“Bite-Size Bits of Local, National, and Global History”
“Bite-Size Bits of Local, National, and Global History”
Danville, Virginia — The American South (Mid-Atlantic)

Richmond & Danville Railroad

During the Civil War

Richmond & Danville Railroad CWT Marker image. Click for full size.
By Bernard Fisher, June 15, 2013
1. Richmond & Danville Railroad CWT Marker
Inscription.  At the outbreak of the Civil War, the Richmond & Danville Railroad was already part of a rail network that would sustain the Confederate Army of Northern Virginia. The Richmond & Danville extension to Greensboro, North Carolina, known as the Piedmont Railroad, was built as part of the war effort in 1862-1864.

The building of this modest extension to Greensboro was prolonged for two years by chronic problems: the shortage of labor and materials and the lack of standard railroad gauge. The insistence by North Carolina to use narrow gauged track (4 foot, 8.5 inches) instead of R&D’s five-foot gauge made it impossible to achieve a smooth interchange at Danville. This was later to have disastrous ramifications.

An 1863 letter by Col. A.L. Rives to James Seddon, Confederate Secretary of War, tells of constructing the Piedmont Railroad: ”Few persons but those who have made the attempt have a conception of the innumerable difficulties which retard the completion of a great work of internal improvement in these disjointed times.”

Equipment and materials for the Richmond & Danville and the Piedmont Railroads
Richmond & Danville Railroad CWT Markers image. Click for full size.
By Bernard Fisher
2. Richmond & Danville Railroad CWT Markers
were allocated by the government or confiscated from other lines deemed less critical. Although the opening of the Piedmont helped maintain a trickle of supplies to the Confederate capital, the railroad gave little satisfaction.

Compounding the railroad’s problems were enemy raids. On May 12-14, 1864, Union Gen. August V. Kautz attacked the railroad at Coalfield, Powhatan and Chula Stations. Then, on June 25, Union Gen. James Wilson made a raid on the Staunton River bridge. The span was successfully defended by the Confederate home guard made up of 900 men and boys. After the raids, Lee strongly emphasized to Seddon the importance of maintaining the central railroad routes: ”But if this cannot be done, I see no way of averting the terrible disaster that will ensue.”

All the rest of 1864, the railroad struggled with its burden, until spring brought Appomattox and the end.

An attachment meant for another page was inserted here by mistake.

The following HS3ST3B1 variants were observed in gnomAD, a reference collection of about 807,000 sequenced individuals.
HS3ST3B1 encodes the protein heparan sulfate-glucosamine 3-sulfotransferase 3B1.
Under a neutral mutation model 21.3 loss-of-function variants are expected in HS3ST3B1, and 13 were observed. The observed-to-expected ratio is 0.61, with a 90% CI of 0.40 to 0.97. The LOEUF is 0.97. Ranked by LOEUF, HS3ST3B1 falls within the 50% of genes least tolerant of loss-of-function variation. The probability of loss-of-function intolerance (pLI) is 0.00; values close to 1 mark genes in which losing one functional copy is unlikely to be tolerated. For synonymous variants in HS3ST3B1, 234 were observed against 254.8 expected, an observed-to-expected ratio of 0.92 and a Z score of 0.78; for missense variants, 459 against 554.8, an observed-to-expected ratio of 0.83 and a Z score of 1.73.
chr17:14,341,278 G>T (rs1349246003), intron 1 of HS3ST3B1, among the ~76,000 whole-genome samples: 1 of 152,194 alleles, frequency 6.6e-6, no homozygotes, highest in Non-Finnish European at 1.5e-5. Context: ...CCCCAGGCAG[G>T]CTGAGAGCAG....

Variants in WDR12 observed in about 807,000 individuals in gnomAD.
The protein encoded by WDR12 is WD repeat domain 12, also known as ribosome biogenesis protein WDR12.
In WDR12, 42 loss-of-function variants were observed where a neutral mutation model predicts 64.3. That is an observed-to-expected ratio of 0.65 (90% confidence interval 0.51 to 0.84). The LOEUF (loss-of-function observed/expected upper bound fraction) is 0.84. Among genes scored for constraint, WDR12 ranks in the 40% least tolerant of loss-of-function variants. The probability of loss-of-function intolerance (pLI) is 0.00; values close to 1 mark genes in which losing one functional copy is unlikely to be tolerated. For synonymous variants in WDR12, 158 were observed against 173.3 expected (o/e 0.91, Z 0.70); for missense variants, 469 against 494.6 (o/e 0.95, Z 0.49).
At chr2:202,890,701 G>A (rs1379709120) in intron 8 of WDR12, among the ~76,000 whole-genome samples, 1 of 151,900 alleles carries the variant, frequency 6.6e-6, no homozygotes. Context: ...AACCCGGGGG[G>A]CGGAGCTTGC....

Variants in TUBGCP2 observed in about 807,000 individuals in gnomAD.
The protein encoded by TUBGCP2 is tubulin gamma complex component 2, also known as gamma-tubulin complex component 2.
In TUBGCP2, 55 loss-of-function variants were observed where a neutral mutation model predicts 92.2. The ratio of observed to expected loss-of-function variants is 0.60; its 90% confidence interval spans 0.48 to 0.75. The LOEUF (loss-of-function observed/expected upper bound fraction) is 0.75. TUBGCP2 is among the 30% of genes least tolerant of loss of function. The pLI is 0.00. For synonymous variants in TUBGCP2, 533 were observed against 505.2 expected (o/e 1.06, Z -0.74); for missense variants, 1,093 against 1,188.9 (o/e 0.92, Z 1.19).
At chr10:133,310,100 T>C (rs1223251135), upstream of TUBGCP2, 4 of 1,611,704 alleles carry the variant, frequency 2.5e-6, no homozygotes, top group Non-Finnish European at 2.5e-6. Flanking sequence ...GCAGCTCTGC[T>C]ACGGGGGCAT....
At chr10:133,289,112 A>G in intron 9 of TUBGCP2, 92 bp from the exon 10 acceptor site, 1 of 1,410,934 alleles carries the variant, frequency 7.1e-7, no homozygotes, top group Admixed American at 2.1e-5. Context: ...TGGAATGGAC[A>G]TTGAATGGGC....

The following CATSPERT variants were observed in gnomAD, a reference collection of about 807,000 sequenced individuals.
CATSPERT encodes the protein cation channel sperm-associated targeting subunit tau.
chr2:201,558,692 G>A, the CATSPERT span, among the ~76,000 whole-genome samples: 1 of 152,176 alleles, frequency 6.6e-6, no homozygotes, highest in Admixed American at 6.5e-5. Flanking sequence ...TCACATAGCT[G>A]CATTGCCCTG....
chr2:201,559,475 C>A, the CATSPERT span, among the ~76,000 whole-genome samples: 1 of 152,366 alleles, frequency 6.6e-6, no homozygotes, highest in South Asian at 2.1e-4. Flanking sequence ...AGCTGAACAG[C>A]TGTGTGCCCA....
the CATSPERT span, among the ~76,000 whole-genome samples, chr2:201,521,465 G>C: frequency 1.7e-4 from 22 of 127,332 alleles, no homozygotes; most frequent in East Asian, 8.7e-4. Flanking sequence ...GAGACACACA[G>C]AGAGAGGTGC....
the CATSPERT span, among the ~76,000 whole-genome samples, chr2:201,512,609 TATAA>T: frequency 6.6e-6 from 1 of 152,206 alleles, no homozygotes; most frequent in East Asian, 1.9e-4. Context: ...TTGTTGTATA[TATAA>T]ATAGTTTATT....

Erected by Virginia Civil War Trails.
Marker series. This marker is included in the Virginia Civil War Trails marker series.
Location. 36° 35.128′ N, 79° 23.066′ W. Marker is in Danville, Virginia. Marker can be reached from Craghead Street east of Bridge Street, on the left when traveling east. Touch for map. Marker is at or near this postal address: 629 Craghead St, Danville VA 24540, United States of America. Touch for directions.
Other nearby markers. At least 8 other markers are within walking distance of this marker. A different marker also named Richmond & Danville Railroad (here, next to this marker); a different marker also named Richmond & Danville Railroad (here, next to this marker); The Worsham Street Bridge (approx. ¼ mile away); Danville Tobacco Warehouse and Residential District (approx. ¼ mile away); Confederate Prison No. 6 (approx. 0.3 miles away); Prison Number 6 (approx. 0.3 miles away); Loyal Baptist Church (approx. 0.4 miles away); Danville Fortifications (approx. 0.4 miles away). Touch for a list and map of all markers in Danville.
Categories. Railroads & StreetcarsWar, US Civil
More. Search the internet for Richmond & Danville Railroad.
Credits. This page was last revised on June 16, 2016. This page originally submitted on June 16, 2013, by Bernard Fisher of Mechanicsville, Virginia. This page has been viewed 486 times since then and 10 times this year. Photos:   1, 2. submitted on June 16, 2013, by Bernard Fisher of Mechanicsville, Virginia.
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